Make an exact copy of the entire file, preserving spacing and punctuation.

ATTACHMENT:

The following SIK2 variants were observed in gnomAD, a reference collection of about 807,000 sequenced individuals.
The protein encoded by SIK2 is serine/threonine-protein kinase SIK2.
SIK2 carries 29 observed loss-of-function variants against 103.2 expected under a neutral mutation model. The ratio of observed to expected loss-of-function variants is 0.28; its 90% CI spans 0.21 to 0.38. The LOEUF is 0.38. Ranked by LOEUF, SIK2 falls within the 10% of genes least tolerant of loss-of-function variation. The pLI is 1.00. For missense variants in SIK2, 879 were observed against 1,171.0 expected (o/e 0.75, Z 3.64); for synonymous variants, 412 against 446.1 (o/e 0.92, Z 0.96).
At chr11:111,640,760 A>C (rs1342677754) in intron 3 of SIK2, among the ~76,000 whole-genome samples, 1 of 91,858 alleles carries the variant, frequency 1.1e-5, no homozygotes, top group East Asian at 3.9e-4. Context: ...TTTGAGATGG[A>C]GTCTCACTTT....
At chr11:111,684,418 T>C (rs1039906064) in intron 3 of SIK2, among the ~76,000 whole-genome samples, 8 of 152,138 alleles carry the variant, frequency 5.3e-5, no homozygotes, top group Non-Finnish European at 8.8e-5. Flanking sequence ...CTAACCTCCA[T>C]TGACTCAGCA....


The following SIK2 variants were observed in gnomAD, a reference collection of about 807,000 sequenced individuals.
The protein encoded by SIK2 is serine/threonine-protein kinase SIK2.
SIK2 carries 29 observed loss-of-function variants against 103.2 expected under a neutral mutation model. The ratio of observed to expected loss-of-function variants is 0.28; its 90% CI spans 0.21 to 0.38. The LOEUF is 0.38. Ranked by LOEUF, SIK2 falls within the 10% of genes least tolerant of loss-of-function variation. The pLI is 1.00. For missense variants in SIK2, 879 were observed against 1,171.0 expected (o/e 0.75, Z 3.64); for synonymous variants, 412 against 446.1 (o/e 0.92, Z 0.96).
At chr11:111,640,760 A>C (rs1342677754) in intron 3 of SIK2, among the ~76,000 whole-genome samples, 1 of 91,858 alleles carries the variant, frequency 1.1e-5, no homozygotes, top group East Asian at 3.9e-4. Context: ...TTTGAGATGG[A>C]GTCTCACTTT....
At chr11:111,684,418 T>C (rs1039906064) in intron 3 of SIK2, among the ~76,000 whole-genome samples, 8 of 152,138 alleles carry the variant, frequency 5.3e-5, no homozygotes, top group Non-Finnish European at 8.8e-5. Flanking sequence ...CTAACCTCCA[T>C]TGACTCAGCA....